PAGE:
Does your partner snore? 7 effective tips that really help
Most of us know it: your partner snores and you lie awake (and hateful) next to it and just can’t get any rest. Although not meant to be taken seriously, in these moments of desperation, thoughts of separation often arise – and snoring at night is not only a burden and a health hazard for you.
Does your partner snore? A burden for both
Our sleep is largely responsible for our health. After all, our organism regulates our metabolism, our digestion or the maintenance of our immune system while we sleep. Healthy sleep is also extremely important on a psychological level, because during our sleep cycles our subconscious processes what we have experienced and sort of tidies up inside.
It can be correspondingly stressful for body and mind if this important restful sleep is missing or severely impaired because your partner snores. But even for the snoring person, snoring does not mean restful sleep. Due to the restricted air supply and the possibly very loud noises, even the snoring person can be constantly awakened from sleep.
These are the most common causes of snoring
As different as the unpopular snoring noises can be, they are all mostly over narrowed upper airways caused. Restricted breathing can be caused by many things. These are the most common reasons for your partner snoring:
- swollen tonsils
- Deviation of the nasal septum
- hay fever
- A cold
- Obesity (fat deposits around the throat area)
- High nicotine consumption causes mucous membranes to swell
- alcohol consumption
- dry and dusty air
- sleeping position
- Sleep disorders such as sleep apnea
In fact, many of these potential causes can be addressed fairly easily on a day-to-day basis. It is important that you keep talking to your partner about possible measures, tell him or her about the stress caused by snoring and thus seek a constructive conversation. Together you can best tackle the problem.
7 tips: You can do this if your partner snores
Fortunately, in addition to the classic earplugs, there are some effective tips that you can try out for yourself. Even if it doesn’t help right away at first: Remember that you don’t roughly wake the snoring person from sleep, as this can damage their sleep rhythm in the long run. Instead, you can try these snoring tips:
1. Affect sleeping position
Snoring is particularly encouraged when lying on your back. The reason for this is the relaxed tongue muscles, which slide towards the throat and thus impair the air supply and can lead to unwanted snoring noises. So ask the snoring person to change their sleeping position. You can also try a side sleeper pillow, which will help you fall asleep and stay asleep on your side.
2. Raise pillows
Elevating the head position can prevent or reduce the risk of the head being bent backwards, which in turn encourages the tongue to slip towards the throat. It is best to gradually try out what is pleasant for the snoring person and what has an effect.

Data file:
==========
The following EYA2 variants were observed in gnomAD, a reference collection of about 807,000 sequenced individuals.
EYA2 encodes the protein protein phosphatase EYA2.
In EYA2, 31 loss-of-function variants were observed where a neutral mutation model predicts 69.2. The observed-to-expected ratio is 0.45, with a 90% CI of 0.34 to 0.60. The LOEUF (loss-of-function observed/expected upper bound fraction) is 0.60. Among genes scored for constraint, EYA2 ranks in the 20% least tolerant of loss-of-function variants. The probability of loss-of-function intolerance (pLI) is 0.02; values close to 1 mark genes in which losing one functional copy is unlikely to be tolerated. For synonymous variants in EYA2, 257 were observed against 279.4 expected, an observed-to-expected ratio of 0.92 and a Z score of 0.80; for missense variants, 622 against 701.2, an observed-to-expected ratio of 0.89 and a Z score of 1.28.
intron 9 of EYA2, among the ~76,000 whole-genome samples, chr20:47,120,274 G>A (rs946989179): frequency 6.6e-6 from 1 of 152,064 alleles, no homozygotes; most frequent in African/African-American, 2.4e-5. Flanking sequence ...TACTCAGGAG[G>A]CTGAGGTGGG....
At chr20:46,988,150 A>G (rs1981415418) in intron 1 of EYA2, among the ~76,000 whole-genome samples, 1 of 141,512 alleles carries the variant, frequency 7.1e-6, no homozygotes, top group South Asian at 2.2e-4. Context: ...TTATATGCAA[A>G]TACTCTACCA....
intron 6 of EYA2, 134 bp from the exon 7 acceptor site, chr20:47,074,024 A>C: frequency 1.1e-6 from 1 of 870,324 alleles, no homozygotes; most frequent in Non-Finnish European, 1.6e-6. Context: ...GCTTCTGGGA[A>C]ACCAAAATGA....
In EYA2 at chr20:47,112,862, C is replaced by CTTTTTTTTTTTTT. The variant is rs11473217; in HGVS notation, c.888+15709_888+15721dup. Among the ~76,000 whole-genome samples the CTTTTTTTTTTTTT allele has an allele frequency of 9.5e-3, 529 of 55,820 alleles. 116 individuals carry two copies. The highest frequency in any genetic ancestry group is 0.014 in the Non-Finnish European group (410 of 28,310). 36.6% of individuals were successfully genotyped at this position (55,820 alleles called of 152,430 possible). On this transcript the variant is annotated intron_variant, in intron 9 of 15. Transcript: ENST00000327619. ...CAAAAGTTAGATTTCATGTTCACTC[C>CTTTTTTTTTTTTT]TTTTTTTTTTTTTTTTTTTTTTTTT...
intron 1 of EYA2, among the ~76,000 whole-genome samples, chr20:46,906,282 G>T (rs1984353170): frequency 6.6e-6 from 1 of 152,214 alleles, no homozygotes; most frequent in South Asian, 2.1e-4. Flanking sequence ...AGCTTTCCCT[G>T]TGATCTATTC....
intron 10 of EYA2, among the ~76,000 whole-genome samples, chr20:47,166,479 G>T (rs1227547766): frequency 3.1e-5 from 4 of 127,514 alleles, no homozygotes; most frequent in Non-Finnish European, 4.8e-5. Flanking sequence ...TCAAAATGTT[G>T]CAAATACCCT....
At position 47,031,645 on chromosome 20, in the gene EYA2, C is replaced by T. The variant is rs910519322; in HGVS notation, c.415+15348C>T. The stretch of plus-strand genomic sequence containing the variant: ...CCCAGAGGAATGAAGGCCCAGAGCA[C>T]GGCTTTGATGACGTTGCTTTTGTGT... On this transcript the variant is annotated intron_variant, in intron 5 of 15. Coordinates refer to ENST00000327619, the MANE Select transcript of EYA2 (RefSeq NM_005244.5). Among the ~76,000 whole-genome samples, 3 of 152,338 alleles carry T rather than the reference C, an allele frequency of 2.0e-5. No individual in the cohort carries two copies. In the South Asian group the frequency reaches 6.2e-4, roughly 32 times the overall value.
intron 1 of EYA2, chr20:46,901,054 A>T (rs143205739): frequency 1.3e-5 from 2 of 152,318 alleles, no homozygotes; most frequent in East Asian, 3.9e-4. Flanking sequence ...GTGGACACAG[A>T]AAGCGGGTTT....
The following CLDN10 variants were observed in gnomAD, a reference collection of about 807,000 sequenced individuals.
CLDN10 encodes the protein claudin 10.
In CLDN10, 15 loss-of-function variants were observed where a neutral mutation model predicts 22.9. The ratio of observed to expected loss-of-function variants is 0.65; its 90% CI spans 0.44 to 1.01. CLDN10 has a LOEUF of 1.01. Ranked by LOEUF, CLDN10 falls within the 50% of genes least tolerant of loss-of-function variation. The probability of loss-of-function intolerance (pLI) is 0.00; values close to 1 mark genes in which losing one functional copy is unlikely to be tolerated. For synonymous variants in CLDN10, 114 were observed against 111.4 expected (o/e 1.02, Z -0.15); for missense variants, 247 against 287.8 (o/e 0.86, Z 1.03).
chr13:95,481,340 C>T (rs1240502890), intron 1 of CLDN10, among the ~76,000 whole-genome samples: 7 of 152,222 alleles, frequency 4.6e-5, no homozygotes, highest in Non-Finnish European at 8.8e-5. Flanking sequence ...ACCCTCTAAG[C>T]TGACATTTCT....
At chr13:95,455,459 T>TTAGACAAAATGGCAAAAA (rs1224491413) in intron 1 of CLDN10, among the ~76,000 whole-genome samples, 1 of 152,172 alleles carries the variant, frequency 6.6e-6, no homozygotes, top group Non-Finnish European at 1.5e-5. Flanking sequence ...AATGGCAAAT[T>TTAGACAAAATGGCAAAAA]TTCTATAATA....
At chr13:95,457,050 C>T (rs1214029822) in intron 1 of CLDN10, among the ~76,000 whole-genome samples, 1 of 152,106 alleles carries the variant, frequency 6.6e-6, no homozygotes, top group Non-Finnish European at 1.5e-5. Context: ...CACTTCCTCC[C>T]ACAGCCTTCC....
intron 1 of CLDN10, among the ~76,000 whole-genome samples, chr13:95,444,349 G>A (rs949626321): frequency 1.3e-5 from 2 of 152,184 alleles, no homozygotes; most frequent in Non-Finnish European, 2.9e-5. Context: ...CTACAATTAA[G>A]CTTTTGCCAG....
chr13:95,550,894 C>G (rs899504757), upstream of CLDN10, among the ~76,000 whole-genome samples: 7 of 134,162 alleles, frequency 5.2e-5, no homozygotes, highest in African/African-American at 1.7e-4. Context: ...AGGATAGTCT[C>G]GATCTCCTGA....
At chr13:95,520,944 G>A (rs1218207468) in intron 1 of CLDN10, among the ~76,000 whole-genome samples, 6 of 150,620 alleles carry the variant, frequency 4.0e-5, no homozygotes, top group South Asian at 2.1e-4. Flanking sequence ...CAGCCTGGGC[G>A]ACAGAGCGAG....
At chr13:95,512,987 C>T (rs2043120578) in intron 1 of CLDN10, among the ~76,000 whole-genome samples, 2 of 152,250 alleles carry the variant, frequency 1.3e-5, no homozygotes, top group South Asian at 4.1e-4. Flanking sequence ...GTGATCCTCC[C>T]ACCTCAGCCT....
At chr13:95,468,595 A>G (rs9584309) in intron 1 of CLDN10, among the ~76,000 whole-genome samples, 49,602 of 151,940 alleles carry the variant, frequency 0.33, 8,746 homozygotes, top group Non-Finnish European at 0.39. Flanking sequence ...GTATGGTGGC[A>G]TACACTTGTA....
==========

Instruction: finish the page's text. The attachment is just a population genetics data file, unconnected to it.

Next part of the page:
3. Improve indoor climate
Dry and dusty air can cause our mucous membranes to swell, making it difficult to breathe. The result can be loud sleeping noises. Regular vacuum cleaning and dusting of the surfaces can help here. Indoor plants can also promote a good indoor climate. Before going to bed you should air the room or even sleep with the window open.
4. Reduce alcohol consumption
Alcohol causes our muscles to relax even more, which can encourage the tongue to slip down the throat. Your partner should therefore refrain from drinking alcohol at least two hours before going to bed.
5. Use nasal spray
Especially when swollen mucous membranes are responsible for snoring, it can be helpful to use a decongestant nasal spray right before falling asleep. But beware: Many nasal sprays are considered addictive, so it is better to use a pure sea salt spray.
6. Try nasal patches
Some also swear by the effect of so-called nasal plasters when the partner or partners snores. The plasters are glued horizontally over the bridge of the nose and are said to be able to significantly improve air circulation in the nose. Nose clips are said to have a similar effect. At Amazon, for example, you will find a large selection of anti-snoring gadgets.
7. Get medical advice
If your partner’s snoring persists for a long period of time, you should seek medical advice to rule out a medical condition as the cause. For example, one cause may be sleep apnea, a sleep disorder that can increase the risk of cardiovascular disease. Small interruptions in breathing can indicate this. Your doctor can also prescribe aids such as a snoring splint, which can also relieve snoring.
If there are no concerns from the doctor’s side, but you just can’t get the snoring under control, it can also be a solution to sleep separately. This doesn’t have to have a negative impact on your relationship – especially if you both haven’t had enough sleep and suffer from a lack of sleep, it can actually bring about a significant improvement in your mood. Again, you should talk to each other and find the best solution together.